Since the year 2000, there has only been two of seven years when the June “Planted Acreage” report has found fewer acres planted than the March “Prospective Plantings” report has estimated. The two years observed were 2001 and 2002. From the March to June reports, in 2001, corn acres planted were down 584,000 while in 2002, acres slipped by 100,000. As the corn industry prepares for the June 2009 Planted Acres report the trade is bantering about corn acres to be reduced by 1-3 million. Those in the million acre camp are suggesting fewer acres planted in Illinois, Indiana as well as Missouri making up the lions share of reduced corn plantings and offset to a degree by increased acres planted in the states of Nebraska, Iowa and Minnesota where near ideal soil conditions and reduction in fertilizer prices were the two main incentives. Those in the 3 million camp suggest delayed plantings combined with unattractive nitrogen prices and unapproachable saturated soils, leading to prevented planted insurance claims as the main reasons for such an adjustment. Allendale needs to point out, dating back to 2000, the single largest March to June corn acreage adjustment was 2.434 million more in June of 2007.
This much is known, via the last corn planting progress report issued by the National Agriculture Statistics Service, of the main 18 corn belt states of the 78.12 million acres intended to be planted, 97% of the acres were reported to have been complete. Those states with the notable 5% or greater of prospective acres not planted as of June 8 are Illinois, Indiana, Missouri, and Pennsylvania while six states managed to have 100% of its acres planted. As you are able to discern from the immediate demographics (view chart)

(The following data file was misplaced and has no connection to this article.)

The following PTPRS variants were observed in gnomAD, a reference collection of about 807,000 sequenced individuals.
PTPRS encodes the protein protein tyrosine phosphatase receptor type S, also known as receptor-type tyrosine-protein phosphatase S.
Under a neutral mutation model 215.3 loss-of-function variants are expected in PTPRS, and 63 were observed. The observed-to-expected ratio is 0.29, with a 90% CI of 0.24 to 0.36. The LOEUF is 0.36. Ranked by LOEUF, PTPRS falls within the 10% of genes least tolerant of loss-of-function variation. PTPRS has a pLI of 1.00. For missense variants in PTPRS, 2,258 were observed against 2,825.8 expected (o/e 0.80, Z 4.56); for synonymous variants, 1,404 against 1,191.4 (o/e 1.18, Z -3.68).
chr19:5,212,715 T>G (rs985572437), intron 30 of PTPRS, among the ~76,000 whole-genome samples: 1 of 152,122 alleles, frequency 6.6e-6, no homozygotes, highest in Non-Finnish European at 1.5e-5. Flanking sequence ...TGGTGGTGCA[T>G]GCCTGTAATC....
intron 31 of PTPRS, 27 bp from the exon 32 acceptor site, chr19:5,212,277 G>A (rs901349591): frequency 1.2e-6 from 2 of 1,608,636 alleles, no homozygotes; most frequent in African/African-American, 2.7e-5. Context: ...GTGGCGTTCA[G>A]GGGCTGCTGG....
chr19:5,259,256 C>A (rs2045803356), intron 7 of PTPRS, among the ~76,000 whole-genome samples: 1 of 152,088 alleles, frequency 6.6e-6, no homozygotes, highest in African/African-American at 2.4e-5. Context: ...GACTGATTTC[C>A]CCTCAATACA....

, of mainly east corn belt states behind a normal pace of planting, this could ultimately have an impact on traditional new crop corn futures, basis and impact regional grain companies as they may have to bid up for supplies.
Allendale Inc research forewarns as a result of its own “planting pace” and “futures price” relationship between corn and soybeans research, (request Allendale acreage study graphics)
it is not in the 1-3 million acreage reduction camp as it is scheduled to release its official estimate on June 18th
along with its quarterly stocks estimate.
With regards to a soybean acreage adjustment, even though the masses may automatically assume any reduction in corn acres will find its way to increased soybean acres, but may want to consider the following. In 2001 when corn acres adjusted downward by 584,000, soybean acres decreased by 1.3 million acres and in 2002, while corn acres fell by 100,000 from the March to June reports, soybean acres were left unchanged. As of June 14, severe plantings delays are apparent in IL, IN, MO, AR, TN and KY which may limit initial March “Prospective Plantings”.
What are your thoughts on potential acreage for corn and soybeans for 2009?..........Joe Victor
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